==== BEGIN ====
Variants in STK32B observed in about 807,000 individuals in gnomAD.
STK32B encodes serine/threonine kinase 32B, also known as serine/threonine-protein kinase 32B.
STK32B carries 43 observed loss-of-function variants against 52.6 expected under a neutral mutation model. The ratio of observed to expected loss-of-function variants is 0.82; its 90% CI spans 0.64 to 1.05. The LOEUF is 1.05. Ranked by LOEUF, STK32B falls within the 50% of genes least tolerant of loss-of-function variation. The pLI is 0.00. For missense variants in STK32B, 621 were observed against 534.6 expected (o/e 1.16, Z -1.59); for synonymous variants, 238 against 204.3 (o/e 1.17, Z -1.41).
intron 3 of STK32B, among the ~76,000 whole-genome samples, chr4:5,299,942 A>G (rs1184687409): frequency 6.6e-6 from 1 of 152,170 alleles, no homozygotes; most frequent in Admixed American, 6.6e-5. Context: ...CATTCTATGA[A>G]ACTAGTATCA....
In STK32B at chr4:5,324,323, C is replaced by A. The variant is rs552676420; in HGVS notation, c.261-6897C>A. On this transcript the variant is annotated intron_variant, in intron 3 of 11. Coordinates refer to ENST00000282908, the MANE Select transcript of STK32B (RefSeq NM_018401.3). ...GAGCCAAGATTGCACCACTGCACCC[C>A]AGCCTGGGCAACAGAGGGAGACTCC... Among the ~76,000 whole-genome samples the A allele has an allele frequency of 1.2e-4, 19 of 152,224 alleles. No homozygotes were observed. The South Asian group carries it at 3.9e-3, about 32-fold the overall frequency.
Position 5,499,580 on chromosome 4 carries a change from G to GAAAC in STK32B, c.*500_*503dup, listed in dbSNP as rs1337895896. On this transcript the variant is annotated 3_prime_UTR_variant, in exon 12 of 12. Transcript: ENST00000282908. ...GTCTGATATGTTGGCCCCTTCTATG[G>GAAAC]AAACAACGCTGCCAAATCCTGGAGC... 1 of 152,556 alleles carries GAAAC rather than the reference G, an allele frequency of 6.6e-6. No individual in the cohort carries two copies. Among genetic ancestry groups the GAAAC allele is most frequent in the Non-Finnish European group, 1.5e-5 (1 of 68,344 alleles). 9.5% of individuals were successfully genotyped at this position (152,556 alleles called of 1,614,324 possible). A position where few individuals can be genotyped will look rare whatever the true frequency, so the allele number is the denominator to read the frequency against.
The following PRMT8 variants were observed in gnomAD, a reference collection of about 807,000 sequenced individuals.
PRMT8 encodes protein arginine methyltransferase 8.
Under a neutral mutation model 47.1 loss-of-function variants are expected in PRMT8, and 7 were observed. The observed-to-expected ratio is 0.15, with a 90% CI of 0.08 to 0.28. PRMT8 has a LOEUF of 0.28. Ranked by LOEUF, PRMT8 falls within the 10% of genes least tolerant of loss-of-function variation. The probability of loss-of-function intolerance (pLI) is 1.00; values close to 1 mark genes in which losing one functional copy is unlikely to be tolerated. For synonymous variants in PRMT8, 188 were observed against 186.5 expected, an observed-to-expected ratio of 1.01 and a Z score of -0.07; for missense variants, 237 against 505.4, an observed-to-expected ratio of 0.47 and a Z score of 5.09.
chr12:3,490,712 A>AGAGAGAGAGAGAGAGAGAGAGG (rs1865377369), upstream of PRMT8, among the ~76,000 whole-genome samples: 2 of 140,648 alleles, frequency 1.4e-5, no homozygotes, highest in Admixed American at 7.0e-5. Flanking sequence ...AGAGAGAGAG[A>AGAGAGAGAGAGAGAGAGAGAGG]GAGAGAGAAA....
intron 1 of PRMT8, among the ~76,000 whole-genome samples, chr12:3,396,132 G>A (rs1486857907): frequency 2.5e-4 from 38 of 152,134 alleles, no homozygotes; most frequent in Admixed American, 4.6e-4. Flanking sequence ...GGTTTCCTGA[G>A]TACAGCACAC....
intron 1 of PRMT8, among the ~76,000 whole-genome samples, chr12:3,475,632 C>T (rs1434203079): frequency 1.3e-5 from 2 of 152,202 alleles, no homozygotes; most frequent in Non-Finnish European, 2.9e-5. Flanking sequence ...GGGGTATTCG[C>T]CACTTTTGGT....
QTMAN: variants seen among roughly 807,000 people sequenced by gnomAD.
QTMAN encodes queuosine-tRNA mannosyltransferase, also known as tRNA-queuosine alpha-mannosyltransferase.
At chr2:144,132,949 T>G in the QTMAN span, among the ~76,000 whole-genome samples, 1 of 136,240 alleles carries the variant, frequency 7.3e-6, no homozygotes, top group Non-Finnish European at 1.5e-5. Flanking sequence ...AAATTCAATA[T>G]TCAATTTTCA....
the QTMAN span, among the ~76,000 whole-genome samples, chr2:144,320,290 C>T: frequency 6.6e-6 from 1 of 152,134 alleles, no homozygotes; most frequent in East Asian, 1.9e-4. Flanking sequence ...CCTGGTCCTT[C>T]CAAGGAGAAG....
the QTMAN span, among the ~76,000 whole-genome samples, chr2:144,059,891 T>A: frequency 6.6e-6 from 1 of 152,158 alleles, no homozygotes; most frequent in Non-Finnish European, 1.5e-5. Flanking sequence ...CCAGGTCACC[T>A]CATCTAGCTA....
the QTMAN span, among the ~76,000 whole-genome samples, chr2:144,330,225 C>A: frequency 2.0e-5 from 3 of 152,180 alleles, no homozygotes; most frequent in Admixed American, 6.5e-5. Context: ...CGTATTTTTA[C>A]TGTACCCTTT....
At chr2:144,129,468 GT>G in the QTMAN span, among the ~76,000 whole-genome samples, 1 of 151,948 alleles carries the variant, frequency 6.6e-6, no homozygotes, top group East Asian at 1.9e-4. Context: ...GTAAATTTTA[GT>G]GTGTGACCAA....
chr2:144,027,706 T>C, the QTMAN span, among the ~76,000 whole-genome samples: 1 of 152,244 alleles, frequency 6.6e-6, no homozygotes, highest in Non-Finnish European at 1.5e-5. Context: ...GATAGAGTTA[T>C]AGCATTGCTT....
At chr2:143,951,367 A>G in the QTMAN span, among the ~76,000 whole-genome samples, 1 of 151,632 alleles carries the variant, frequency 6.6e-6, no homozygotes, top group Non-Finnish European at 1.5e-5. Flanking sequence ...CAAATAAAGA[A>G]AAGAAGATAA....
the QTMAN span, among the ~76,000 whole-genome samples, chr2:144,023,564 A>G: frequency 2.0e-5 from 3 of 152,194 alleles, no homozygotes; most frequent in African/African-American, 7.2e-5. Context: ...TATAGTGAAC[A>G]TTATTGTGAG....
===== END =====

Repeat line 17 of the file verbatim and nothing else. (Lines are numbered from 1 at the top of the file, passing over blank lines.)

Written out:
the QTMAN span, among the ~76,000 whole-genome samples, chr2:144,059,891 T>A: frequency 6.6e-6 from 1 of 152,158 alleles, no homozygotes; most frequent in Non-Finnish European, 1.5e-5. Flanking sequence ...CCAGGTCACC[T>A]CATCTAGCTA....